Glen Torridon is amongst Scotland's most spectacular and beautiful glens. At its lower end it meets the sea at the village of Torridon, and from here a single track road leads some eight miles along the north shore of Upper Loch Torridon, Loch Shieldaig and Loch Torridon. It ends at the pier in Lower Diabaig.
The road to Lower Diabaig from Torridon is one of the most enjoyable and attractive in Scotland. After passing through Torridon itself, it climbs as it passes the car park provided for those climbing Beinn Alligin. It then passes above the villages of Inveralligin and Alligin Shuas before climbing inland steeply to cross the Bealach na Gaoithe, beyond which you pass, probably without noticing them, the few buildings comprising Upper Diabaig.
Lower Diabaig itself is one of those idyllic spots which make any visit to Scotland so worthwhile. On the face of it, it is difficult to see why this should be. It comprises a number of houses strung out along the road as it descends steeply, via a hairpin bend, to a pier on the shore of Loch Diabaig, an offshoot of Loch Torridon. On the shore of the loch stands the Gille Brighde Cafe and Restaurant.
Even in the less than ideal light shown in some of the images on this page, Lower Diabaig has an allure that means you know you will return. The setting is partly responsible. To the south and west of Loch Diabaig is a patch of exceptionally rough and rocky terrain (even by Torridon's standards) which frame the loch and its harbour. To the north and north west the setting is more pastoral, but the land still rises very steeply.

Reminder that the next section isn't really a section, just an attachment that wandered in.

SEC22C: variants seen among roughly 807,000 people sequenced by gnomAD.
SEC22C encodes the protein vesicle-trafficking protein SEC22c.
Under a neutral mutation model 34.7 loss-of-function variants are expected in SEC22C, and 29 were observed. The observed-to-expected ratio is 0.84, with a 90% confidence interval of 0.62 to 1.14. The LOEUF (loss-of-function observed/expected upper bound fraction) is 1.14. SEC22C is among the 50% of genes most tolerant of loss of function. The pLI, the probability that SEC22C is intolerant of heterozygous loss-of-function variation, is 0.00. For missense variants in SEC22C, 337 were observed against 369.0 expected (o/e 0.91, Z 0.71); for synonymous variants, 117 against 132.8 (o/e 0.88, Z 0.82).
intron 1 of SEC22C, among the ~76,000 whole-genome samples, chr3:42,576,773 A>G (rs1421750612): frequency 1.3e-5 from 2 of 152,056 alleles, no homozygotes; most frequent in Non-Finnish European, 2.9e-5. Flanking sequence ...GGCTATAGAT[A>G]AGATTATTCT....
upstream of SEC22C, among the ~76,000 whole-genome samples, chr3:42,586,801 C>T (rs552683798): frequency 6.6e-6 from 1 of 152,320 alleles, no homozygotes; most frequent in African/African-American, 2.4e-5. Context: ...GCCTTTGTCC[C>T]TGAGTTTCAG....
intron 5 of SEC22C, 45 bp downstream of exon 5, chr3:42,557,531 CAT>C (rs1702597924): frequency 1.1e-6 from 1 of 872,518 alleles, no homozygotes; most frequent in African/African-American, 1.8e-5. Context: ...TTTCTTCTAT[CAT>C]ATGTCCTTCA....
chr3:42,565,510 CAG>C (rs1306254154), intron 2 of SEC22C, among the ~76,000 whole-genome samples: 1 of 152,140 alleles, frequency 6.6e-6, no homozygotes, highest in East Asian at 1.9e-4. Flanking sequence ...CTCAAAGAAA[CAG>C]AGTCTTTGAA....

But the details you see in Lower Diabaig also add to the attraction. The red telephone box next to the white building adds a "Local Hero" feel, while the large abandoned fishing vessel at the west end of the shingle beach is an obvious focal point. And the pier is fascinating, and still used by occasional small fishing boats.
Although the public road finishes at Lower Diabaig, a track continues along the coast to Craig, two miles to the north west, and home to a mountain bothy. From here the coastal track continues another five miles until it picks up the public road at Redpoint, which then continues via Badachro to Gairloch. The irony is that although Lower Diabaig and Redpoint are only some seven miles apart on foot, the shortest road distance between them, via Kinlochewe and Loch Maree, is 45 miles.
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